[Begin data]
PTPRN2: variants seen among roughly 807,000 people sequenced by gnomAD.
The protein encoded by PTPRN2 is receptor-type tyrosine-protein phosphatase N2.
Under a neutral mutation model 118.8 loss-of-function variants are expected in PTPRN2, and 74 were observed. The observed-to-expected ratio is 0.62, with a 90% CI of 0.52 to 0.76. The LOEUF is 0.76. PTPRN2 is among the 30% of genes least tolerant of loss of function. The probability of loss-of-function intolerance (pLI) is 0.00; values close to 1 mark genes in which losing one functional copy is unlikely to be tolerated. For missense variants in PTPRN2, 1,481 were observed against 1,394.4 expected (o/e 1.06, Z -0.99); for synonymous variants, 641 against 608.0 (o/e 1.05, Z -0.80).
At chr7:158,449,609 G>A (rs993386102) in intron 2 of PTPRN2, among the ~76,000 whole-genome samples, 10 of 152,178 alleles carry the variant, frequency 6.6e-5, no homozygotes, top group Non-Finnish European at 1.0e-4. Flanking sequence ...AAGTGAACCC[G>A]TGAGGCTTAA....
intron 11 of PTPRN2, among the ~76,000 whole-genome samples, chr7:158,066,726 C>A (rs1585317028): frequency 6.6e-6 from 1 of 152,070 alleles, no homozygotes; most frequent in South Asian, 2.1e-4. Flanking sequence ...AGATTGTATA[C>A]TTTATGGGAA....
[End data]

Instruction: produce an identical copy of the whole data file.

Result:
PTPRN2: variants seen among roughly 807,000 people sequenced by gnomAD.
The protein encoded by PTPRN2 is receptor-type tyrosine-protein phosphatase N2.
Under a neutral mutation model 118.8 loss-of-function variants are expected in PTPRN2, and 74 were observed. The observed-to-expected ratio is 0.62, with a 90% CI of 0.52 to 0.76. The LOEUF is 0.76. PTPRN2 is among the 30% of genes least tolerant of loss of function. The probability of loss-of-function intolerance (pLI) is 0.00; values close to 1 mark genes in which losing one functional copy is unlikely to be tolerated. For missense variants in PTPRN2, 1,481 were observed against 1,394.4 expected (o/e 1.06, Z -0.99); for synonymous variants, 641 against 608.0 (o/e 1.05, Z -0.80).
At chr7:158,449,609 G>A (rs993386102) in intron 2 of PTPRN2, among the ~76,000 whole-genome samples, 10 of 152,178 alleles carry the variant, frequency 6.6e-5, no homozygotes, top group Non-Finnish European at 1.0e-4. Flanking sequence ...AAGTGAACCC[G>A]TGAGGCTTAA....
intron 11 of PTPRN2, among the ~76,000 whole-genome samples, chr7:158,066,726 C>A (rs1585317028): frequency 6.6e-6 from 1 of 152,070 alleles, no homozygotes; most frequent in South Asian, 2.1e-4. Flanking sequence ...AGATTGTATA[C>A]TTTATGGGAA....